|Borrowing a phrase from Hamlet for the title of his 1999 nonfiction collection, John Updike may perhaps have been dropping hints about his fictional work in progress. He has, in any case, now delivered Gertrude and Claudius--and his variation on what is arguably the Bard's greatest hit sits very handsomely in the Shakespearean shadows. As its title suggests, this is a prelude to the actual play, focusing not on the sulky star but on his mother and fratricidal stepfather (think of it as a Danish, death-struck version of The Parent Trap). Updike's great achievement here is to turn our customary sympathies on their heads. This time around, Gertrude is a decent, long-suffering wife, whose consciousness happens to be raised to the boiling point by her sexy brother-in-law. And Claudius, too, seems half a victim of this fatal attraction, with a strong neo-Platonic accent to his lust: |
The amused play of her mouth and eyes, the casual music of her considerate voice, a glimpse of her bare feet and rosy morning languor were to him amorous nutrition enough: at this delicate stage the image of more would have revolted him.... What we love, he understood from the poetry of Provence, where his restless freelancing had more than once taken him, is less the gift bestowed, the moon-mottled nakedness and wet-socketed submission, than the Heavenly graciousness of bestowal. Subtract the poetry (and leave in the wet-socket business) and we're not too far from Rabbit Angstrom. As in the bulk of his fiction--and most conspicuously in the underrated In the Beauty of the Lilies--Updike sacrifices artistic firepower when he goes archaic on us. That explains why Gertrude and Claudius gets off to a wobbly start, with the author's medieval diction careening all over the page. But once his narrative gets up to speed, Updike dispenses one brilliant bit of perception after another. Note, for example, Ophelia's teeth, "given an almost infantile roundness by her low, palely pink gums, and tilted very slightly inward, so her smile imparted a glimmering impression of coyness, with even something light-heartedly wanton about it." Who else could make mere dentition such a window into the soul?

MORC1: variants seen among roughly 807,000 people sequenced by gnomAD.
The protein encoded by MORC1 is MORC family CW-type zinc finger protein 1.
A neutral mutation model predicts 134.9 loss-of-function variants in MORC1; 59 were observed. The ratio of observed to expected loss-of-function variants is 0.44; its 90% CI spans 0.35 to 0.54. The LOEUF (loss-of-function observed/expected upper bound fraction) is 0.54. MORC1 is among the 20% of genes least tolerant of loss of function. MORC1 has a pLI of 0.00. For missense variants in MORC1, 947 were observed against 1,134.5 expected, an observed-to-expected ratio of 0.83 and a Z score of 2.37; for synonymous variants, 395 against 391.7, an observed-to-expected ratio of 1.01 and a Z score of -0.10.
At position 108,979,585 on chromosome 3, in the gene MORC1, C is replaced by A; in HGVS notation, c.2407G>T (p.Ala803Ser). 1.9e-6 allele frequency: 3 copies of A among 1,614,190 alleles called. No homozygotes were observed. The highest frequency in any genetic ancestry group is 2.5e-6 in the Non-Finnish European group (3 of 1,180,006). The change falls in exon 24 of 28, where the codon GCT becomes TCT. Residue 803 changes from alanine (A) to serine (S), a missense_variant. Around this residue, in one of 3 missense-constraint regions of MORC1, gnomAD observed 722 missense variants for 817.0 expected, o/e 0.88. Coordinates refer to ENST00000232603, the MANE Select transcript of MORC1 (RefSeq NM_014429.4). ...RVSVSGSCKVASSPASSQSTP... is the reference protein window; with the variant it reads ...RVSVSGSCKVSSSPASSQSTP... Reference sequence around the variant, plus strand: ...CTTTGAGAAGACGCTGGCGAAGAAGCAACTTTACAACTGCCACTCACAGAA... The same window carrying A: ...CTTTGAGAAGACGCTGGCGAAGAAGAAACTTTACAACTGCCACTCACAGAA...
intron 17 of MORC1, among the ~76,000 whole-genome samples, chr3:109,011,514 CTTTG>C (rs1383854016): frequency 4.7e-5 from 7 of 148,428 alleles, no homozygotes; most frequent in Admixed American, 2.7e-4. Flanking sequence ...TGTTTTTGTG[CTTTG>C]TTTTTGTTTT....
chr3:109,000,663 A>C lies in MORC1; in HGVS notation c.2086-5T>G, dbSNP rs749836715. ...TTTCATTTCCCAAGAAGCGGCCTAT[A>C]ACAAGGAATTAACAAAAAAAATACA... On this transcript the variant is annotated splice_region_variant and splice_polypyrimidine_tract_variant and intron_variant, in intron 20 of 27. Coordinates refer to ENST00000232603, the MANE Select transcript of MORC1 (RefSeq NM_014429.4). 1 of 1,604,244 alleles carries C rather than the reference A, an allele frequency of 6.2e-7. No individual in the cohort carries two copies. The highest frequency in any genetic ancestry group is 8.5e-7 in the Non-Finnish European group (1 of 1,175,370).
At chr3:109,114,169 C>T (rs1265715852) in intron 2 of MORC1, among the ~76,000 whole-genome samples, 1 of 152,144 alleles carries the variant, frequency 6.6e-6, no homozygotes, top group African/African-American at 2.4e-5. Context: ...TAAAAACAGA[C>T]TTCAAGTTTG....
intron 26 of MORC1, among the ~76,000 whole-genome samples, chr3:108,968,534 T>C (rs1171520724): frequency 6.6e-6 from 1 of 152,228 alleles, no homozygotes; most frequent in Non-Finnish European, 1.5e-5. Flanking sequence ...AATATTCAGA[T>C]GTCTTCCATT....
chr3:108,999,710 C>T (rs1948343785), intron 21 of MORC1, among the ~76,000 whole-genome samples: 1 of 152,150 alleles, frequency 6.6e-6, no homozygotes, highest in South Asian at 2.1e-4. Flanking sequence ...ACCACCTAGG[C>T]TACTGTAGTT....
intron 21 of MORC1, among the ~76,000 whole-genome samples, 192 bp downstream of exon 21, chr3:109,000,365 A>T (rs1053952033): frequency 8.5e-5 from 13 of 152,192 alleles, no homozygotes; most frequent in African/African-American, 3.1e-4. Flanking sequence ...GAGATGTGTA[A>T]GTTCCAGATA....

Gertrude and Claudius also amounts to a running theological argument, in which men constantly impale themselves on metaphysical principle while the adulterous queen is willing "to accept the world at face value, as a miracle daily renewed." (That would explain Gertrude's snap diagnosis of her neurotic son: "Too much German philosophy.") A superlative satellite to Shakespeare's creation, Updike's novel is likely to retain a kind of subordinate rank, even within his own capacious body of work. Still, it's packed with enough post-Elizabethan insight about men and women, parents and children, to suggest that the play's not the thing--not always, anyway. --James Marcus